A summary of some of the lessons we have learned was presented at the ACT-R workshop.
We've worked on several miscellaneous models. These include a model that solves job shop scheduling tasks, a description of how and where emotions could be included in cognitive models, and a reimplementation and generalization of a model of physics problem solving. Theoretically, these models should provide a basis for creating further models. Practically, there remain problems in doing so.
Nerb, J., Krems, J., & Ritter, F. E. (1993). Rule learning and the power law: A computational model and empirical results. Using a computer model to examine learning and the power law. In Proceedings of the Fifteenth Annual Conference of the Cognitive Science Society ,765-770. Hillsdale, NJ: LEA.
Ritter, F. E. (1993). Three types of emotional effects that will occur in cognitive architectures. Workshop on architectures underlying motivation and emotion, The University of Birmingham 11-12 August. Also presented as a colloquium at the MRC-APU in Cambridge, October, 1993. and at EuroSoar7 and at North American Soar 14.
Ritter, F. E., & Baxter, G. D. (1996). Able, III: Learning in a more visibly principled way (Tech. Report No. 40. 8 pages.). ESRC CREDIT, Dept. of Psychology, U. of Nottingham. In the Proceedings of the 1st European Cognitive Modeling Workshop, November, 1996. Includes new Soar interface and two models.
We created a model that not only solves the Tower of Nottingham, but also learns and shows appropriate behavior at several levels of development. This work should help distangle whether development is best understood as changes to the cognitive architecture, or as the result of learning. This work was first started with Josef Nerb, but is now the PhD work of Gary Jones. At the start of this work, he was funded to visit major cognitive modeling sites in the US. A review of this trip has been reported in an online ONR newsletter. At this point in time, the model matches adult data fairly well, after being modified, it matches children data almost as well, and it shows that several theories of what develops (such as Piaget's) are either incomplete or wrong.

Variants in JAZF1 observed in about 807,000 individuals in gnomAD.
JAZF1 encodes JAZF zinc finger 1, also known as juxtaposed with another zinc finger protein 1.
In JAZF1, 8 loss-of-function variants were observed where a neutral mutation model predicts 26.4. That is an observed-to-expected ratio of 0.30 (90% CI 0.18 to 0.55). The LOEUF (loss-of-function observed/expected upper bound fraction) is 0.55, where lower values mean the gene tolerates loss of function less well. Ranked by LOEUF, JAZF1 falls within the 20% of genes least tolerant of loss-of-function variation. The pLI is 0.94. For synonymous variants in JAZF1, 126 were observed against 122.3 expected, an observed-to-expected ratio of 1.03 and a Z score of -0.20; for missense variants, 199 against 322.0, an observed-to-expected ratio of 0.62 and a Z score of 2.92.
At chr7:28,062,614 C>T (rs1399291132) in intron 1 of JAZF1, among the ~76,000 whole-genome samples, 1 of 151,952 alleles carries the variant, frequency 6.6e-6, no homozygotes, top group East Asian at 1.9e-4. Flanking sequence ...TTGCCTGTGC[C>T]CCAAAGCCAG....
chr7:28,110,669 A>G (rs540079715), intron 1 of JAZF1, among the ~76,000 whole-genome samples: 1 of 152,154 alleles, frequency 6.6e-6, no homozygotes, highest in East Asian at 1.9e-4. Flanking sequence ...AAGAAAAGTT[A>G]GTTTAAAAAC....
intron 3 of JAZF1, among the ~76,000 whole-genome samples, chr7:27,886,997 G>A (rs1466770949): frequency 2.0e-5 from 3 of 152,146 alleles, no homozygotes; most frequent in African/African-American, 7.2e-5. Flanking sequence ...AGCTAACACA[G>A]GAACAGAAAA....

Jones, G., & Ritter, F. E. (1998). Initial explorations of modifying architectures to simulate cognitive and perceptual development. In Proceedings of the Second European Conference on Cognitive Modelling. 44-51. Nottingham: Nottingham University Press.
Ritter, F. E., Nerb, J., Kindsmüller, M. (1994). Steps towards a series of models for a developmental task. Overheads included in the Proceedings of the EuroSoar 8 Workshop. 95-99. Graduate School of Experimental Psychology, U. of Leiden.
I have started to create a model of learning in two person games using Soar to compare with Dieter Wallach's ACT-R model. Currently, his model fits better. We've learned a bit about each other's architectures and about architectures in general by doing this.
We have worked on several tools for creating and testing models. These can be organized under several subheadings: tools to tie models to simulated worlds, and tools for creating models.